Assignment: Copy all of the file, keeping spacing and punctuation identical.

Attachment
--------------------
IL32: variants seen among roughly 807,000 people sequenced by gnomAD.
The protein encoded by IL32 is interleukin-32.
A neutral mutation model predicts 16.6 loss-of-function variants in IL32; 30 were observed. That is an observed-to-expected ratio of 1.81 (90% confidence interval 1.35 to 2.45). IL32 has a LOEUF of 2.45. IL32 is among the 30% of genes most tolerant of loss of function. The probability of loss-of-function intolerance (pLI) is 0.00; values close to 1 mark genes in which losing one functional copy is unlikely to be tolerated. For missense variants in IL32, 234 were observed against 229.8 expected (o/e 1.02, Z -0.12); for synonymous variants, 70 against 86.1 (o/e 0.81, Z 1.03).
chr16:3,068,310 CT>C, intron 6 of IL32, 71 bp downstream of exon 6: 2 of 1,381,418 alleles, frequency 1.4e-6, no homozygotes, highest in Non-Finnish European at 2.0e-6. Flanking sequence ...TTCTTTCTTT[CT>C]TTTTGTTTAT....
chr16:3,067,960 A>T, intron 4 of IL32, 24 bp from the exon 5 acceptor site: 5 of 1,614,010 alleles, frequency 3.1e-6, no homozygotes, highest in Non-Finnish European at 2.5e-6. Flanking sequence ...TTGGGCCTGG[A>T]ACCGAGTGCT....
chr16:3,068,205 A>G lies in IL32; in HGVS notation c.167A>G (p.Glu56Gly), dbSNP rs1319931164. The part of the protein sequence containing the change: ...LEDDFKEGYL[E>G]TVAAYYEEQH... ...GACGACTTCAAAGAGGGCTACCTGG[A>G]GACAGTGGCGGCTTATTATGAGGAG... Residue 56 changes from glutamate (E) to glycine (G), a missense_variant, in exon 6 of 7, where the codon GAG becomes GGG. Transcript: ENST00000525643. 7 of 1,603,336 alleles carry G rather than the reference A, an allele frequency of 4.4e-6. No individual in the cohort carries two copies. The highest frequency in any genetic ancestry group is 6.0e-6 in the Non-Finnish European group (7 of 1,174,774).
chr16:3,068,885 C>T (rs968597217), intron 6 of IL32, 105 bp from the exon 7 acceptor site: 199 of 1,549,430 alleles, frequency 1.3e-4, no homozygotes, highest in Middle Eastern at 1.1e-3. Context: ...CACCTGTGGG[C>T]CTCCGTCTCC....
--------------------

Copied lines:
IL32: variants seen among roughly 807,000 people sequenced by gnomAD.
The protein encoded by IL32 is interleukin-32.
A neutral mutation model predicts 16.6 loss-of-function variants in IL32; 30 were observed. That is an observed-to-expected ratio of 1.81 (90% confidence interval 1.35 to 2.45). IL32 has a LOEUF of 2.45. IL32 is among the 30% of genes most tolerant of loss of function. The probability of loss-of-function intolerance (pLI) is 0.00; values close to 1 mark genes in which losing one functional copy is unlikely to be tolerated. For missense variants in IL32, 234 were observed against 229.8 expected (o/e 1.02, Z -0.12); for synonymous variants, 70 against 86.1 (o/e 0.81, Z 1.03).
chr16:3,068,310 CT>C, intron 6 of IL32, 71 bp downstream of exon 6: 2 of 1,381,418 alleles, frequency 1.4e-6, no homozygotes, highest in Non-Finnish European at 2.0e-6. Flanking sequence ...TTCTTTCTTT[CT>C]TTTTGTTTAT....
chr16:3,067,960 A>T, intron 4 of IL32, 24 bp from the exon 5 acceptor site: 5 of 1,614,010 alleles, frequency 3.1e-6, no homozygotes, highest in Non-Finnish European at 2.5e-6. Flanking sequence ...TTGGGCCTGG[A>T]ACCGAGTGCT....
chr16:3,068,205 A>G lies in IL32; in HGVS notation c.167A>G (p.Glu56Gly), dbSNP rs1319931164. The part of the protein sequence containing the change: ...LEDDFKEGYL[E>G]TVAAYYEEQH... ...GACGACTTCAAAGAGGGCTACCTGG[A>G]GACAGTGGCGGCTTATTATGAGGAG... Residue 56 changes from glutamate (E) to glycine (G), a missense_variant, in exon 6 of 7, where the codon GAG becomes GGG. Transcript: ENST00000525643. 7 of 1,603,336 alleles carry G rather than the reference A, an allele frequency of 4.4e-6. No individual in the cohort carries two copies. The highest frequency in any genetic ancestry group is 6.0e-6 in the Non-Finnish European group (7 of 1,174,774).
chr16:3,068,885 C>T (rs968597217), intron 6 of IL32, 105 bp from the exon 7 acceptor site: 199 of 1,549,430 alleles, frequency 1.3e-4, no homozygotes, highest in Middle Eastern at 1.1e-3. Context: ...CACCTGTGGG[C>T]CTCCGTCTCC....